Don't misunderstand me. I'm not defending Russia's jumping in to the Syrian civil war or their attempts to rescue the Asad regime, which they no doubt saw as on the ropes. But until we see exactly where this is going, it could still be seen as a Russian rescue effort for Asad, creating a Russian-protected area in the Asad heartland, and not necessarily a direct challenge to the US and coalition air campaign. It mostly depends on what those Su-30s are intended for.

Live-Streaming the Hajj ...

As previously noted, all the Abrahamic religions have a busy week. The Meccan hajj began today and the ‘Eid comes later this week; Yom Kippur starts at sundown, and Pope Francis just landed here in Washington to begin his US tour.

As always, Meccan TV is live-streaming the hajj via YouTube. These will probably not work once the hajj ends, but for now here are two channels:

Best Wishes for Yom Kippur

Greetings to my Jewish readers on the occasion of Yom Kippur. An easy fast. My recent pace of posting has been slow due to deadline, but should improve soon.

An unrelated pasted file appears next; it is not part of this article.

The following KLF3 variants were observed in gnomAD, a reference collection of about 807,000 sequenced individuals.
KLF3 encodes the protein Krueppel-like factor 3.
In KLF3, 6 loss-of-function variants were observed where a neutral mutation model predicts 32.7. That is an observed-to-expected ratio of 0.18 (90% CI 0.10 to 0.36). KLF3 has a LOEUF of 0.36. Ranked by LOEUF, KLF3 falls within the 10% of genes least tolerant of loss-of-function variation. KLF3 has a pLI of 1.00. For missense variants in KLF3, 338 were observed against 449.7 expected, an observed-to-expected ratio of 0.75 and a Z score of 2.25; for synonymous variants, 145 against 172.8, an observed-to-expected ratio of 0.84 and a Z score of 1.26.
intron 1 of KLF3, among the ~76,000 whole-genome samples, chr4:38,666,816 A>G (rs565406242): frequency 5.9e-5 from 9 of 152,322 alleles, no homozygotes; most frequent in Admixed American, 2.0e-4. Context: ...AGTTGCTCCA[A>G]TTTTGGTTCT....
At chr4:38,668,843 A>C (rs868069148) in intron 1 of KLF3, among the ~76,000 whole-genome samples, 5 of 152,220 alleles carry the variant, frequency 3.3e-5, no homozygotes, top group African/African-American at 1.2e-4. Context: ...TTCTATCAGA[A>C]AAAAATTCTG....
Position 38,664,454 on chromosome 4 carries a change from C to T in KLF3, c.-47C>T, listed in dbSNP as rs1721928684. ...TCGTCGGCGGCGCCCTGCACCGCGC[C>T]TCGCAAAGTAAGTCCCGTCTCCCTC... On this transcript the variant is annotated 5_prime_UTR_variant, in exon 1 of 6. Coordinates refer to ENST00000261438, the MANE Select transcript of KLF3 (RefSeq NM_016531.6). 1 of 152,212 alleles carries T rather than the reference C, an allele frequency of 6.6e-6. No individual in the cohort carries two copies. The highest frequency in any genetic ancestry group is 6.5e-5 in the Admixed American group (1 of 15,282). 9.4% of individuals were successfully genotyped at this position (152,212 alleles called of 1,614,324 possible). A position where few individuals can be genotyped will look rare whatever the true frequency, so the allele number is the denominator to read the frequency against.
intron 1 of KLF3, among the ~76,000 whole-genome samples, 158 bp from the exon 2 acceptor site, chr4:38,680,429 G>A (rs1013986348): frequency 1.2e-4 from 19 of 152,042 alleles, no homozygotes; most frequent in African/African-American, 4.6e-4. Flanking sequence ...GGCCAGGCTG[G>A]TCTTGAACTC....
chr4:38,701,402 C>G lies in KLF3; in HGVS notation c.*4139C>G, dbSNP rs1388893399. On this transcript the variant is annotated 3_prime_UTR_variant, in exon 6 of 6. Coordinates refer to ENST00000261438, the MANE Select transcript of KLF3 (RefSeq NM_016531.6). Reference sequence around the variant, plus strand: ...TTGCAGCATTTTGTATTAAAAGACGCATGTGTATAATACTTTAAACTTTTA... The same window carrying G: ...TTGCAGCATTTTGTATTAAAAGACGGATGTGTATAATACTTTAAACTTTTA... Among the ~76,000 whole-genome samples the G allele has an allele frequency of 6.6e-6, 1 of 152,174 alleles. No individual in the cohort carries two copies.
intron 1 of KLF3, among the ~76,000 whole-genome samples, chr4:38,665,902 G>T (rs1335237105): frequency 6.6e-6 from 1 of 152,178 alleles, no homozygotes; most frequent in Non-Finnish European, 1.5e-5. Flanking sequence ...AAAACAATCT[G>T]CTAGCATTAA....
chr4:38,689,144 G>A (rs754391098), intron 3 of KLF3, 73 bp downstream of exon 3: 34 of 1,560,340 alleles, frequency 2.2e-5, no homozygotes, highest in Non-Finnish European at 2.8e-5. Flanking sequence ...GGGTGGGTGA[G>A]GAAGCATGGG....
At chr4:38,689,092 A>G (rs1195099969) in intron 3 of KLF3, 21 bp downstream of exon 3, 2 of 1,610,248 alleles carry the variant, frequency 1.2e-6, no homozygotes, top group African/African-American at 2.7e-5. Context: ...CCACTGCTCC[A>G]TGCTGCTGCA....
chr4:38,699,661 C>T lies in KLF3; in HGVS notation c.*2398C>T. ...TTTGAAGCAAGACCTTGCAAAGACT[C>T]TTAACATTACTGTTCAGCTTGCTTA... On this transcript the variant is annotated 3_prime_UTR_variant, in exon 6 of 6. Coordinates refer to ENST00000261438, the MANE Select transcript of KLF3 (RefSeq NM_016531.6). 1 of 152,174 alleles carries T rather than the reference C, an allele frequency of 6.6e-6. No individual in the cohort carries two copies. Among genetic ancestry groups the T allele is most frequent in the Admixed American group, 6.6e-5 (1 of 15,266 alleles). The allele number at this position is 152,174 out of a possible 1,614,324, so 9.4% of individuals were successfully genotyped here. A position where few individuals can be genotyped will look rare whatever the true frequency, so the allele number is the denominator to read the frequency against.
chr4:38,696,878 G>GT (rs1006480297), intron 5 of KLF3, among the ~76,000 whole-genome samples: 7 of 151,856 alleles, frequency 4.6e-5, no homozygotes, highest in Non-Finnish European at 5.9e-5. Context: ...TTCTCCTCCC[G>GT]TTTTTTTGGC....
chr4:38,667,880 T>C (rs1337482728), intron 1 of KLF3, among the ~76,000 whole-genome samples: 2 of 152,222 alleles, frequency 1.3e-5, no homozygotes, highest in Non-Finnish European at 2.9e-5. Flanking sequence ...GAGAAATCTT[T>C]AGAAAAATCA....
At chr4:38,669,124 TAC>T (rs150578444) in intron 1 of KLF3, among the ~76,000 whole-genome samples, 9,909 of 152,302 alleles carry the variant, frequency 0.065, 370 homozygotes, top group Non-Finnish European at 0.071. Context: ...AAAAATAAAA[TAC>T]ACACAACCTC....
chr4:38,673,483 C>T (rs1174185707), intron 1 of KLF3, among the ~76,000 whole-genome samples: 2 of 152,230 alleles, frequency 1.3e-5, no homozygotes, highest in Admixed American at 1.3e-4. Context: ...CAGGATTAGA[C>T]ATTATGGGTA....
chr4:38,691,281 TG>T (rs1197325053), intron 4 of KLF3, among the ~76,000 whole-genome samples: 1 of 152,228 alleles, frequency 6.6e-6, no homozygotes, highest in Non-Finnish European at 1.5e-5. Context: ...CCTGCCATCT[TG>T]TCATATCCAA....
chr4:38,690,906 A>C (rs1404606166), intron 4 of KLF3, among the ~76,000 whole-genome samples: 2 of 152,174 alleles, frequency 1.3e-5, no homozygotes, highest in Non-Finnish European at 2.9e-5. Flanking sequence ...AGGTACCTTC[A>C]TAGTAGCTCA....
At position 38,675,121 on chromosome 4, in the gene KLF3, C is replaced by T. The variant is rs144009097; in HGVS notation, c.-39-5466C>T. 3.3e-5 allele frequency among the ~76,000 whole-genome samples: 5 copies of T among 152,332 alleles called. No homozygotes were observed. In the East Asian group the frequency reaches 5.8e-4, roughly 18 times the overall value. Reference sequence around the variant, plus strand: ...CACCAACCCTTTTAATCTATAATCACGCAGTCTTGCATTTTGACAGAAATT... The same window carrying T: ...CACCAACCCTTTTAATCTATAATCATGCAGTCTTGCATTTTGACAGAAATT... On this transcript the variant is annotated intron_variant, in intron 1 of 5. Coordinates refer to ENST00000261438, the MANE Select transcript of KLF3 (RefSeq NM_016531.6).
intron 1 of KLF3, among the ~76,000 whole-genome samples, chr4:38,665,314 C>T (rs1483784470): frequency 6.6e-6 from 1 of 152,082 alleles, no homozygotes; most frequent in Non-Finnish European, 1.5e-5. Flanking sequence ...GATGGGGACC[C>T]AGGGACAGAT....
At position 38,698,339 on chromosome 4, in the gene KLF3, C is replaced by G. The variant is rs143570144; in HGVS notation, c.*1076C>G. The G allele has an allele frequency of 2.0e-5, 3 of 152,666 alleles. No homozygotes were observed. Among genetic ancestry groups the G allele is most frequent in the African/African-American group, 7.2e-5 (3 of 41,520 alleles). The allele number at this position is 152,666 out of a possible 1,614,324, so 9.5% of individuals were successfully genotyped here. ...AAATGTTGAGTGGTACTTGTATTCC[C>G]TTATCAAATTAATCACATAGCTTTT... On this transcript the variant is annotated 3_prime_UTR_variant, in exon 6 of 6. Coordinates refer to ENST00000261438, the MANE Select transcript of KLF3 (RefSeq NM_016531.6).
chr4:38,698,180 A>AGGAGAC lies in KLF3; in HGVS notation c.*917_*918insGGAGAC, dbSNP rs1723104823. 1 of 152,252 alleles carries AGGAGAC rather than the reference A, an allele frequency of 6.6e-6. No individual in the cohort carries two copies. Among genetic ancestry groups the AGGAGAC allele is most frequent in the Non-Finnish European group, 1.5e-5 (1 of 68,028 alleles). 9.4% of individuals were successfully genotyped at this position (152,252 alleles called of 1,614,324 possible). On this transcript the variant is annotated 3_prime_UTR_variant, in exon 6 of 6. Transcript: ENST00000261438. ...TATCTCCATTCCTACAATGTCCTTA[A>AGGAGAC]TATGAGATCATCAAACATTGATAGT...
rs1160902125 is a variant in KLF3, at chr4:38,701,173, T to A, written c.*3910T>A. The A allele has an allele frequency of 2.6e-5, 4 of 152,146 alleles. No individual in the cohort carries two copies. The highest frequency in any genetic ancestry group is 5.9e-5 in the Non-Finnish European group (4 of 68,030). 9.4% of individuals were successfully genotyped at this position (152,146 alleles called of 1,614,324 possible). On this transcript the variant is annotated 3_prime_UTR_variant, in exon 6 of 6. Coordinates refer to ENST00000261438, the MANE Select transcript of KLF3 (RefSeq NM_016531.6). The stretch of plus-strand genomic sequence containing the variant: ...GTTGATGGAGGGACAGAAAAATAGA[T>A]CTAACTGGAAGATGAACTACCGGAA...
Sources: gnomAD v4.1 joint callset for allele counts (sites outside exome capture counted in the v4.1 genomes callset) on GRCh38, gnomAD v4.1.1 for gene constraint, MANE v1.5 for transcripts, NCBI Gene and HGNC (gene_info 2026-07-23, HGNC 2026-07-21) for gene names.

Monday, September 21, 2015

How Egypt and Mexico Reprted the Tourist Killings

The recent incident in which Egyptian police and security forces mistakenly attacked a party of Mexican tourists and their Egyptian guides, killing 12, drew sharp protest from Mexico. MadaMasr has an interesting comparison of the very different media coverage the incident received in the two countries' respective media outlets: "Timeline: How Egypt and Mexico communicated the Tourist killings."

You may draw your own conclusions.

Thursday, September 17, 2015

2.5 Million Syrian Refugees in Saudi Arabia? A Question

I'm very busy with our Fall issue but want to address one question I haven't seen discussed very much.